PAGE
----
For much of the 20th century, the president was both the chief executive, the leader of a political party, and the commander-in-chief of the armed forces who, on occasion, spoke to the nation in his together and were treated as its titular leader. Democrat or Republican, Liberal or Conservative, urban or rural, male or female, white or black or brown, when the president addressed the nation, especially in times of crisis, the overwhelming majority of Americans listened with respect, confident that he spoke for and to the whole country. In this regard, the original conception of an extra-political president has persisted, coexisting with the more political roles he would also play.
This has continued even as parties have become more ideologically polarized – and the country as a whole more centerless – in recent decades. In a country divided by party, class, race, education, region, culture, religion, entertainment, sources of information and a myriad of other differences, the president was the only person who could stand at the center of our national life and speak to all of us as parts of a larger whole. Even George W. Bush and Barack Obama could still do it on occasion.
But not Donald Trump. No president has asked for and received more attention from more Americans, and no president has so stubbornly refused to speak to all Americans equally. (Not even Lincoln, who spoke frequently with great respect for those who had seceded and gone to war with the Union.) Trump was a tribal supporter to the end, treating those who had not voted for him almost like second-class people. citizens, as personal enemies as well as enemies of its supporters and their view of the United States and its history.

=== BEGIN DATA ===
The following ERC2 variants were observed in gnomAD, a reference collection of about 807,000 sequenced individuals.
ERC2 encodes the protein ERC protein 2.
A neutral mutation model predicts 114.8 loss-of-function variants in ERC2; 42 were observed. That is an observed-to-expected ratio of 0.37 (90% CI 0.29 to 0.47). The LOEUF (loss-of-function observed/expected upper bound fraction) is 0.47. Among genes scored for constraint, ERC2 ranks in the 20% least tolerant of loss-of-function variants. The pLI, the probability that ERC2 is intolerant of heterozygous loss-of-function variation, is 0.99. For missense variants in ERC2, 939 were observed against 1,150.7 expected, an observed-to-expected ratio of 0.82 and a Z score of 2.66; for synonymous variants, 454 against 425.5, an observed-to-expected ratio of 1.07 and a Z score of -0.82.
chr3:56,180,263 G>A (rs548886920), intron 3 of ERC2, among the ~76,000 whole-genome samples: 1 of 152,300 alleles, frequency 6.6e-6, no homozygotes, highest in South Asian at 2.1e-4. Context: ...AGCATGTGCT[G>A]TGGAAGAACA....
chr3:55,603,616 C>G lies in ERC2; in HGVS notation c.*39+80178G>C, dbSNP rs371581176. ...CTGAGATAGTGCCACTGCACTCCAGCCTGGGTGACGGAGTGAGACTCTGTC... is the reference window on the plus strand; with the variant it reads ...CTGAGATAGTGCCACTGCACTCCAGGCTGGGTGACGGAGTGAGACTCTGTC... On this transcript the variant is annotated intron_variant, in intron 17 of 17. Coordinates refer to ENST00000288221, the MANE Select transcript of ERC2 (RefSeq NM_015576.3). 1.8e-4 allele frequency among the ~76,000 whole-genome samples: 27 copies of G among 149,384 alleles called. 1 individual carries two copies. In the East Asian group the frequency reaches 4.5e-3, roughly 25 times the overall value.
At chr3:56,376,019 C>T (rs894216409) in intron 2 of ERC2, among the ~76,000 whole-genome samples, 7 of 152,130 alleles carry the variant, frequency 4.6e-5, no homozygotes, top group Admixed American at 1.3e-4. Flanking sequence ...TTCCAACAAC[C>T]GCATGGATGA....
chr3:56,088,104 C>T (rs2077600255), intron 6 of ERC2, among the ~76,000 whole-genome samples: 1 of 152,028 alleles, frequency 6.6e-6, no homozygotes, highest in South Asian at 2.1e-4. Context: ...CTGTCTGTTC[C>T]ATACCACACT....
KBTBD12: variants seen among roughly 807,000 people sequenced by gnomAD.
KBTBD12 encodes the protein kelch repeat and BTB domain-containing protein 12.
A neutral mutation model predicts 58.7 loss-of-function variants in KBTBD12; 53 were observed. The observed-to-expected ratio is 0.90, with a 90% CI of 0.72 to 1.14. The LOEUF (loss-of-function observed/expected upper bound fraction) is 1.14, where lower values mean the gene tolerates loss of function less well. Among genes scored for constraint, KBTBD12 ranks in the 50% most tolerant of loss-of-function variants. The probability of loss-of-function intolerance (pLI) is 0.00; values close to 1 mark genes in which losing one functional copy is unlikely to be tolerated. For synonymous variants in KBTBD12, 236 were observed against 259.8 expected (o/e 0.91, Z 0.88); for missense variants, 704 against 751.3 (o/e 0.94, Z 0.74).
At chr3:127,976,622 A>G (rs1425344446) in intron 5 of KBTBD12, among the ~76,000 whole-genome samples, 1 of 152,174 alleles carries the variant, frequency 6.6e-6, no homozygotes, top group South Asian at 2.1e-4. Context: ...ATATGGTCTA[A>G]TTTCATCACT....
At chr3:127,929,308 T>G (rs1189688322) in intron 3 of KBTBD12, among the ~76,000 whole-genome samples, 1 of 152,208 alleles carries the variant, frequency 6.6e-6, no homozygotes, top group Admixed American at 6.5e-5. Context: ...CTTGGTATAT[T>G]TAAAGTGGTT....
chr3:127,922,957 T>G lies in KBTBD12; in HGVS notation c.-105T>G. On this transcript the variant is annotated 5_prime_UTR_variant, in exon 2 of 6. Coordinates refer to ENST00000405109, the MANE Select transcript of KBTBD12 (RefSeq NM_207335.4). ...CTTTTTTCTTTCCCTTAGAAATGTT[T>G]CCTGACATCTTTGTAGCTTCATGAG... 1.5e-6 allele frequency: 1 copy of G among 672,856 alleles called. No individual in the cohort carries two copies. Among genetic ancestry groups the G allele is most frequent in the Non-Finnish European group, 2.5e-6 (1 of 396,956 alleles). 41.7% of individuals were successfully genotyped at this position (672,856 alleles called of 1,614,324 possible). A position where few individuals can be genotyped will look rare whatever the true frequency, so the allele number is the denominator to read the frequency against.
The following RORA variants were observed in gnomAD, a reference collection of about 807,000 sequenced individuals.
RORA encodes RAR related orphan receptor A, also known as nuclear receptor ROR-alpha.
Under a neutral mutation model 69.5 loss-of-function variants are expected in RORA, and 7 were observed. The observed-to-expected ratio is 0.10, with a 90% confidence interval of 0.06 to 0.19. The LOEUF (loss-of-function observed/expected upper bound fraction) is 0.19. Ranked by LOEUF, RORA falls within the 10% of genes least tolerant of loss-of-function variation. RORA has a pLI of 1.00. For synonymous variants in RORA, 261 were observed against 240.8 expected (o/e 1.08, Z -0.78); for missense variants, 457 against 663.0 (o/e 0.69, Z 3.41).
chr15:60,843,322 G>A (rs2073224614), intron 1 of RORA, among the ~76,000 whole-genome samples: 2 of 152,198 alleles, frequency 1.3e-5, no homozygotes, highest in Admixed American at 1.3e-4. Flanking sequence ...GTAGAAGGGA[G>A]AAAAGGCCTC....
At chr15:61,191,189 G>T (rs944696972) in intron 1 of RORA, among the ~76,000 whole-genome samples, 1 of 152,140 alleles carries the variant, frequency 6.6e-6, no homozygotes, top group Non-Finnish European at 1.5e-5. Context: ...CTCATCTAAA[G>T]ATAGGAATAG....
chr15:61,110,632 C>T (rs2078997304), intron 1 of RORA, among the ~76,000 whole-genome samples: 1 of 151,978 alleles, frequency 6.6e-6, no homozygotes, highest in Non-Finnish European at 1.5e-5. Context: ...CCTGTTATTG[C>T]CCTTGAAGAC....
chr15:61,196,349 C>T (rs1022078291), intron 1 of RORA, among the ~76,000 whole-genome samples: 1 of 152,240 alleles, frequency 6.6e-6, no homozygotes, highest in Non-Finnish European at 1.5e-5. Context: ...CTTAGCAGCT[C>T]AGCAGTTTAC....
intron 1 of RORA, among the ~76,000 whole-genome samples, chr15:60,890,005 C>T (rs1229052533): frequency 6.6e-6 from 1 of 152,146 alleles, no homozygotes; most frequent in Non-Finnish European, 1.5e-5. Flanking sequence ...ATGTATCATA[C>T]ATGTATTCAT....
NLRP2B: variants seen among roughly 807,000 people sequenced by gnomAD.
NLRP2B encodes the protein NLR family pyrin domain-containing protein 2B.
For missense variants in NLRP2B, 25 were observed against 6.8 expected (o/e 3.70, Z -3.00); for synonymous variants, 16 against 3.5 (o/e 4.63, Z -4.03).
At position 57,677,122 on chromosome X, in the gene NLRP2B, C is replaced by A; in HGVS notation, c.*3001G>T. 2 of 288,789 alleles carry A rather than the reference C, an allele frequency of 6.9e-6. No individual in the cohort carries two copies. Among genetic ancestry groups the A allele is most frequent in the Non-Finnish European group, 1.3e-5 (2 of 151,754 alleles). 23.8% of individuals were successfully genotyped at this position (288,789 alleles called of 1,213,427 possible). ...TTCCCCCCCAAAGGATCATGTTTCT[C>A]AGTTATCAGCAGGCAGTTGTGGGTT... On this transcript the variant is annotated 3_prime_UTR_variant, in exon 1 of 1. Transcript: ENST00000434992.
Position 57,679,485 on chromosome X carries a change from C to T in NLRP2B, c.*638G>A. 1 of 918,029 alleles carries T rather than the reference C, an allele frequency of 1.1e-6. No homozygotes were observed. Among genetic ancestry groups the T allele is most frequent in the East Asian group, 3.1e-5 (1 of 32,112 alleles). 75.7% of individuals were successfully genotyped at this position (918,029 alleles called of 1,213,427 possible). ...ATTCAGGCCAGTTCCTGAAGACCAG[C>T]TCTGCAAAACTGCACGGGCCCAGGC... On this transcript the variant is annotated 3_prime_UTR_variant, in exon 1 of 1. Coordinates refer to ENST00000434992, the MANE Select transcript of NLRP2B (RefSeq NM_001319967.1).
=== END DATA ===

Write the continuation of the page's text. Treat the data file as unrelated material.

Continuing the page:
Trump has thus managed to stand at the center of our national life as much as any president has ever done. and to greatly intensify our absence of a center. It was all Trump, all the time, with love or hate for him forming the core, and often the sum total, of most people’s political identity.
Biden is right in wanting to reverse this trend – and is probably right in thinking that he couldn’t do it by trying to match or even approach Trumpian levels of ubiquity in our national life.
The question is whether the fading in the background is likely to help. If the root of the problem is the lack of a center, then it’s hard to see how that could. It is true that an absent president avoids further polarizing the country, but that does not really bring the country together either.
What we have instead is a void at the center of our public life that is filled with more noise than ever. Many days we feel leaderless, flying off in a million directions, engaging in figurative fist fights on the deck of the US stateship, with no one having the general legitimacy to step in, take charge. and restore order and civility courtesy.
The question now is whether anyone at this point could speak for and to the nation as a whole. Maybe the truth is that no one could, at least in the absence of an undeniable external threat to bring us together, because Trump has taken us past the point of no return in our absence of a center.
In this case, Biden’s invisible presidency may be the best thing he or anyone else can do in the situation – an enactment, in political terms, of the fundamental principle that guides physicians in their treatment of sick patients: do no harm.